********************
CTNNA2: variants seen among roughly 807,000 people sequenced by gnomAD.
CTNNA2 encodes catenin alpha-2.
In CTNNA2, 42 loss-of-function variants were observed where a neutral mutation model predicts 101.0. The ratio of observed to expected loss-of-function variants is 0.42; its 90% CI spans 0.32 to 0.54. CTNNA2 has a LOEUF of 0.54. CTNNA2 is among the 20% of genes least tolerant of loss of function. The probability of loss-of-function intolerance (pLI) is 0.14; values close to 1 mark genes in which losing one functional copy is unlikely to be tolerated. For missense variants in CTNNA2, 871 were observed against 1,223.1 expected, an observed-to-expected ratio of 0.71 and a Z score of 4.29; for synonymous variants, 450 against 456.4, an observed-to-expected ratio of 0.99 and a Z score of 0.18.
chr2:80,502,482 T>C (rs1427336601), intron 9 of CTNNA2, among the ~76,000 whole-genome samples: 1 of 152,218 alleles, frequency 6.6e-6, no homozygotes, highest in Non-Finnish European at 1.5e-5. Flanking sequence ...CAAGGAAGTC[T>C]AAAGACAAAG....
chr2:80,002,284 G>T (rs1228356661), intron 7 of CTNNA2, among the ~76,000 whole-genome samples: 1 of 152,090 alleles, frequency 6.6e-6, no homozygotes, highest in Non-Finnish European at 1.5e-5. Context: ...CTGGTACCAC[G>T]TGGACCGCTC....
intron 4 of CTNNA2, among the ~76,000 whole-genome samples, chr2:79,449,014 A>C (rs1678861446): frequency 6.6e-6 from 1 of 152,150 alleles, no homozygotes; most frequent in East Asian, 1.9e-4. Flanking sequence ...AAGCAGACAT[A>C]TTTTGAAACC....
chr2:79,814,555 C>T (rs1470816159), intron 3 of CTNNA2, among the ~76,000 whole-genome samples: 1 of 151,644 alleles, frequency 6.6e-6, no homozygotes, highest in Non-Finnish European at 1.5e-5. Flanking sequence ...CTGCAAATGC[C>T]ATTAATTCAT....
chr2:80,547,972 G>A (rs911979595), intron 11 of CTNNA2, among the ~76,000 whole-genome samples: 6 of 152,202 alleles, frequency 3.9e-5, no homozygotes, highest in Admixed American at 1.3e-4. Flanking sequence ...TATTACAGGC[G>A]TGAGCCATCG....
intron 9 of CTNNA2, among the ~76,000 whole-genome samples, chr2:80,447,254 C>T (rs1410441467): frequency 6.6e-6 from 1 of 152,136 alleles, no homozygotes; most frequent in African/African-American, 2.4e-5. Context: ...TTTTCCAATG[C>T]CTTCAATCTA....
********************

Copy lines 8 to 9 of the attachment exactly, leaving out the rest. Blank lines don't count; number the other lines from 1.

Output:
chr2:80,547,972 G>A (rs911979595), intron 11 of CTNNA2, among the ~76,000 whole-genome samples: 6 of 152,202 alleles, frequency 3.9e-5, no homozygotes, highest in Admixed American at 1.3e-4. Flanking sequence ...TATTACAGGC[G>A]TGAGCCATCG....
intron 9 of CTNNA2, among the ~76,000 whole-genome samples, chr2:80,447,254 C>T (rs1410441467): frequency 6.6e-6 from 1 of 152,136 alleles, no homozygotes; most frequent in African/African-American, 2.4e-5. Context: ...TTTTCCAATG[C>T]CTTCAATCTA....